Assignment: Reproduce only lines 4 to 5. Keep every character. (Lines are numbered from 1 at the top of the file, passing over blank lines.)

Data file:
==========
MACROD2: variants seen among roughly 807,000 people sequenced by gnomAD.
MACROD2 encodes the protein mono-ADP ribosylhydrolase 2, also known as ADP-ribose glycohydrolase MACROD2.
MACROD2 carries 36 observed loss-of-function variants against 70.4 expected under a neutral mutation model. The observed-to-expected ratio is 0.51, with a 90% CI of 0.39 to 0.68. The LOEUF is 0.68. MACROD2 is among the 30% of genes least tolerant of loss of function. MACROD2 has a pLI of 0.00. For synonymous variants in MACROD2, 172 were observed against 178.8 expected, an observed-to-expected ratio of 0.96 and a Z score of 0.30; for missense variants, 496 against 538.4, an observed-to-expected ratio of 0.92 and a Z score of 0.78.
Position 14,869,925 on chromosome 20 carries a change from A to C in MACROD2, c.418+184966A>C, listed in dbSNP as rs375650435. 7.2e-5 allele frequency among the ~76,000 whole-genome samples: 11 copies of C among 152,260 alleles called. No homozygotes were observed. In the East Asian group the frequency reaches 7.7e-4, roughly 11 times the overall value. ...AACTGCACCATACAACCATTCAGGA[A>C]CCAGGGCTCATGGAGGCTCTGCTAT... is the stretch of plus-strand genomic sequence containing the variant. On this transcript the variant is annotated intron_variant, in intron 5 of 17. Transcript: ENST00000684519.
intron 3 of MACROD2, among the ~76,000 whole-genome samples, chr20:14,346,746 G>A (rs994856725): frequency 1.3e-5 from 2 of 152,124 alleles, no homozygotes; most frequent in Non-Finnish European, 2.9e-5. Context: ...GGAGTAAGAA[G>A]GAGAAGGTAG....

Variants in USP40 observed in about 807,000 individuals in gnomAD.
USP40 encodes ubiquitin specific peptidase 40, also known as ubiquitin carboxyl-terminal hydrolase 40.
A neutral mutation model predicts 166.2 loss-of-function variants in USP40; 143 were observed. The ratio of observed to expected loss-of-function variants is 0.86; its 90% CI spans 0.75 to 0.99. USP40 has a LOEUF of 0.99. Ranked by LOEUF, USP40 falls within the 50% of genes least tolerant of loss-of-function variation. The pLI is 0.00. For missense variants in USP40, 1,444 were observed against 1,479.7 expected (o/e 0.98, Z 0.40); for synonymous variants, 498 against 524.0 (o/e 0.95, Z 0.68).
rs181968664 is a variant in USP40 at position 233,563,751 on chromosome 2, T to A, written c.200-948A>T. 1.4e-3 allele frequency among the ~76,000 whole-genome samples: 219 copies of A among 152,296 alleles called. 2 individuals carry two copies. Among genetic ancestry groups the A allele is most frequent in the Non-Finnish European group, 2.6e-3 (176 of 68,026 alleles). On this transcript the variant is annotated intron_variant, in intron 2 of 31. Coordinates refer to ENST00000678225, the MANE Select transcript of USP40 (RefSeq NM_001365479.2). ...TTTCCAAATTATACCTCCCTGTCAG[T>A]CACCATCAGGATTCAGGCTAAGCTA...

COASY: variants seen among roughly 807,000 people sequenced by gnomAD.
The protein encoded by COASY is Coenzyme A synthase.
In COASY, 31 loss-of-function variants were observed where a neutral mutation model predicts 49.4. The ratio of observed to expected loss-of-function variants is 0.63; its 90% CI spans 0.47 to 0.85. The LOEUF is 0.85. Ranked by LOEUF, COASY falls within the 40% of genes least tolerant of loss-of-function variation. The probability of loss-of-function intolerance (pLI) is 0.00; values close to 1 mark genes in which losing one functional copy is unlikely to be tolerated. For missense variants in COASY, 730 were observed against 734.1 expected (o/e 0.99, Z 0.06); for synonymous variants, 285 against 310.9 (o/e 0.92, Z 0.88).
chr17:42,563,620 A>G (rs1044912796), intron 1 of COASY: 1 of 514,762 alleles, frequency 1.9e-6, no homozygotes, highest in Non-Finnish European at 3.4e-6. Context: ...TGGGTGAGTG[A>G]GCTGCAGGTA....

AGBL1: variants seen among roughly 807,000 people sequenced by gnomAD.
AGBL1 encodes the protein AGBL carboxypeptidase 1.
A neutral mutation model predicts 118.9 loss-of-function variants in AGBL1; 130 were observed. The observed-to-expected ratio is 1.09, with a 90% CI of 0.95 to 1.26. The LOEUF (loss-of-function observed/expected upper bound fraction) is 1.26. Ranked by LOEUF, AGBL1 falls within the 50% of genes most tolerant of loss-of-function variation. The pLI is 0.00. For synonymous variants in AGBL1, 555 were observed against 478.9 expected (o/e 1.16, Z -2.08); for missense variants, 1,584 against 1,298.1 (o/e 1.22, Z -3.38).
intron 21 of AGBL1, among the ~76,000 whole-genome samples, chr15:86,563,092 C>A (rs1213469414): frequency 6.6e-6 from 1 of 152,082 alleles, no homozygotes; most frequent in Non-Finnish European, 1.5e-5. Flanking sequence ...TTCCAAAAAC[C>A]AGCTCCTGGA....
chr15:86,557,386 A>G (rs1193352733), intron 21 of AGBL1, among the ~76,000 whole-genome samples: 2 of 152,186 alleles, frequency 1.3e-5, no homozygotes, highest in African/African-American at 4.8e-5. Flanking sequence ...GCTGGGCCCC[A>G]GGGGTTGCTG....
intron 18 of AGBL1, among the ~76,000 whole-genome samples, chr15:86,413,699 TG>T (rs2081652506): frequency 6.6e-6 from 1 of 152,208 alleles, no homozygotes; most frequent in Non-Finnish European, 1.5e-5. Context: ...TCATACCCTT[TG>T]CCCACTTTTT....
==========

Position 14,869,925 on chromosome 20 carries a change from A to C in MACROD2, c.418+184966A>C, listed in dbSNP as rs375650435. 7.2e-5 allele frequency among the ~76,000 whole-genome samples: 11 copies of C among 152,260 alleles called. No homozygotes were observed. In the East Asian group the frequency reaches 7.7e-4, roughly 11 times the overall value. ...AACTGCACCATACAACCATTCAGGA[A>C]CCAGGGCTCATGGAGGCTCTGCTAT... is the stretch of plus-strand genomic sequence containing the variant. On this transcript the variant is annotated intron_variant, in intron 5 of 17. Transcript: ENST00000684519.
intron 3 of MACROD2, among the ~76,000 whole-genome samples, chr20:14,346,746 G>A (rs994856725): frequency 1.3e-5 from 2 of 152,124 alleles, no homozygotes; most frequent in Non-Finnish European, 2.9e-5. Context: ...GGAGTAAGAA[G>A]GAGAAGGTAG....